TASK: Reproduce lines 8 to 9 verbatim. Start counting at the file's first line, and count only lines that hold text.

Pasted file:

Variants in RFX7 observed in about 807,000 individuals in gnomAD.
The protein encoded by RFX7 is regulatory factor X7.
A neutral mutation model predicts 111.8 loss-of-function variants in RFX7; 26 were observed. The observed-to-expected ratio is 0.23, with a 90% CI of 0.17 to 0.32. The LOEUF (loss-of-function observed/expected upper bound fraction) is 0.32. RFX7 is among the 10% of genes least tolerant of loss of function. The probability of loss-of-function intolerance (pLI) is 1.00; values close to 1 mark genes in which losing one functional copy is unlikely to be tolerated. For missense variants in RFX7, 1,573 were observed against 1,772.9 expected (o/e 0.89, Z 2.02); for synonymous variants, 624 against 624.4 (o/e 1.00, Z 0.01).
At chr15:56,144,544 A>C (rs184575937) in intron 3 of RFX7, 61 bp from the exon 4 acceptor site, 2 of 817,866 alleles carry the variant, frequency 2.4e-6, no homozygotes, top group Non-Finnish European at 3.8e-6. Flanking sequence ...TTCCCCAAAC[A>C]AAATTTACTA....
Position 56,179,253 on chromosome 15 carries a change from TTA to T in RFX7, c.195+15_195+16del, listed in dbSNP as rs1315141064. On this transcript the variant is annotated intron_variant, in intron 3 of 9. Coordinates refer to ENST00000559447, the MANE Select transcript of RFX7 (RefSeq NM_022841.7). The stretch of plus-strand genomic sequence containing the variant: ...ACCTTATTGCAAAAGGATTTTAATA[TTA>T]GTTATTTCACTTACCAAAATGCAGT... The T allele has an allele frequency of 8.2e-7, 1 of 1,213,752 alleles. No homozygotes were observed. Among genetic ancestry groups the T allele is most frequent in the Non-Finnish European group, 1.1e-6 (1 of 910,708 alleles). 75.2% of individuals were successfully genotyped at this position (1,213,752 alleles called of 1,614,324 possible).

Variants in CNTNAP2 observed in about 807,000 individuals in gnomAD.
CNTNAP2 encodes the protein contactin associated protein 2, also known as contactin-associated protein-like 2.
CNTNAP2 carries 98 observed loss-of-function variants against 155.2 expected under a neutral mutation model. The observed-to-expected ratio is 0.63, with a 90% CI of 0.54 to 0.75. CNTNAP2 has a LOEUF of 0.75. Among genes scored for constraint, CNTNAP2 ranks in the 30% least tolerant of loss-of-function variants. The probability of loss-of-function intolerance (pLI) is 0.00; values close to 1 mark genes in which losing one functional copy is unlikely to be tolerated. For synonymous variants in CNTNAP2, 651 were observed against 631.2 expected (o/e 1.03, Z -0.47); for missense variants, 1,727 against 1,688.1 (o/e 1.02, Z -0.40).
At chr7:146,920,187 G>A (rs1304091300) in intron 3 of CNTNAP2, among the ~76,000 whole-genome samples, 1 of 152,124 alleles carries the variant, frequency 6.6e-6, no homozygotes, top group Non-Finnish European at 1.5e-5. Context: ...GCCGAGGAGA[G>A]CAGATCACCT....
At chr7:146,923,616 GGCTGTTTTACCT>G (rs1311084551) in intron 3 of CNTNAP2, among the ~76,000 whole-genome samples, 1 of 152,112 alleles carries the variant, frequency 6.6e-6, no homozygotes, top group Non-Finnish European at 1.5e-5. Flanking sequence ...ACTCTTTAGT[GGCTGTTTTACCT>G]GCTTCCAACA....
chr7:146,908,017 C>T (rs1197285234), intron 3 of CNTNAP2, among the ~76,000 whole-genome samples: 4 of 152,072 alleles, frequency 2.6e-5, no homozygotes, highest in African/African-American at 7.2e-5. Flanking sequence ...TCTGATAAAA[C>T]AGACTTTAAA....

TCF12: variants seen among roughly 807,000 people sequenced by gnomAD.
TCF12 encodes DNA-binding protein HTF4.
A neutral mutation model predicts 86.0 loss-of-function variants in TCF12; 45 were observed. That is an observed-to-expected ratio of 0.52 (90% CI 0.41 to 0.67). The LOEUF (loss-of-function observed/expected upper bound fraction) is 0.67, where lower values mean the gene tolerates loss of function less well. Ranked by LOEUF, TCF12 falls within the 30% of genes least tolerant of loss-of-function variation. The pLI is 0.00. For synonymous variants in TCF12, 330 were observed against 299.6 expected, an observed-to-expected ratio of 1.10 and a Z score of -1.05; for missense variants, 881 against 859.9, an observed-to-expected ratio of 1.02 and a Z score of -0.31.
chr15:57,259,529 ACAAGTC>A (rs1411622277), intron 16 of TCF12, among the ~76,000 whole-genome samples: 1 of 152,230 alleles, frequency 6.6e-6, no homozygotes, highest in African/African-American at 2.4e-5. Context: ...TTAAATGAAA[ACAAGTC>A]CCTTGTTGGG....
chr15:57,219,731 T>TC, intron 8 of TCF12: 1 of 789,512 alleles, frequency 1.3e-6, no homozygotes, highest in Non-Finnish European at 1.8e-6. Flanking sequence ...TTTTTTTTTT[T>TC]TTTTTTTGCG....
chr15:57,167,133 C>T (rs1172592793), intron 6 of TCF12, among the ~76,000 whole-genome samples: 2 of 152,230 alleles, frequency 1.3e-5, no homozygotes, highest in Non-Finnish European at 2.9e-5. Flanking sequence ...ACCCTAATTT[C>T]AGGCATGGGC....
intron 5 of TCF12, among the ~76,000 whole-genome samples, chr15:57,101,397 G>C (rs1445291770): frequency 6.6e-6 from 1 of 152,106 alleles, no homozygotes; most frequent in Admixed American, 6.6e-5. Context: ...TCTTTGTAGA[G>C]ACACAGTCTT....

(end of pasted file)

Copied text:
CNTNAP2 carries 98 observed loss-of-function variants against 155.2 expected under a neutral mutation model. The observed-to-expected ratio is 0.63, with a 90% CI of 0.54 to 0.75. CNTNAP2 has a LOEUF of 0.75. Among genes scored for constraint, CNTNAP2 ranks in the 30% least tolerant of loss-of-function variants. The probability of loss-of-function intolerance (pLI) is 0.00; values close to 1 mark genes in which losing one functional copy is unlikely to be tolerated. For synonymous variants in CNTNAP2, 651 were observed against 631.2 expected (o/e 1.03, Z -0.47); for missense variants, 1,727 against 1,688.1 (o/e 1.02, Z -0.40).
At chr7:146,920,187 G>A (rs1304091300) in intron 3 of CNTNAP2, among the ~76,000 whole-genome samples, 1 of 152,124 alleles carries the variant, frequency 6.6e-6, no homozygotes, top group Non-Finnish European at 1.5e-5. Context: ...GCCGAGGAGA[G>A]CAGATCACCT....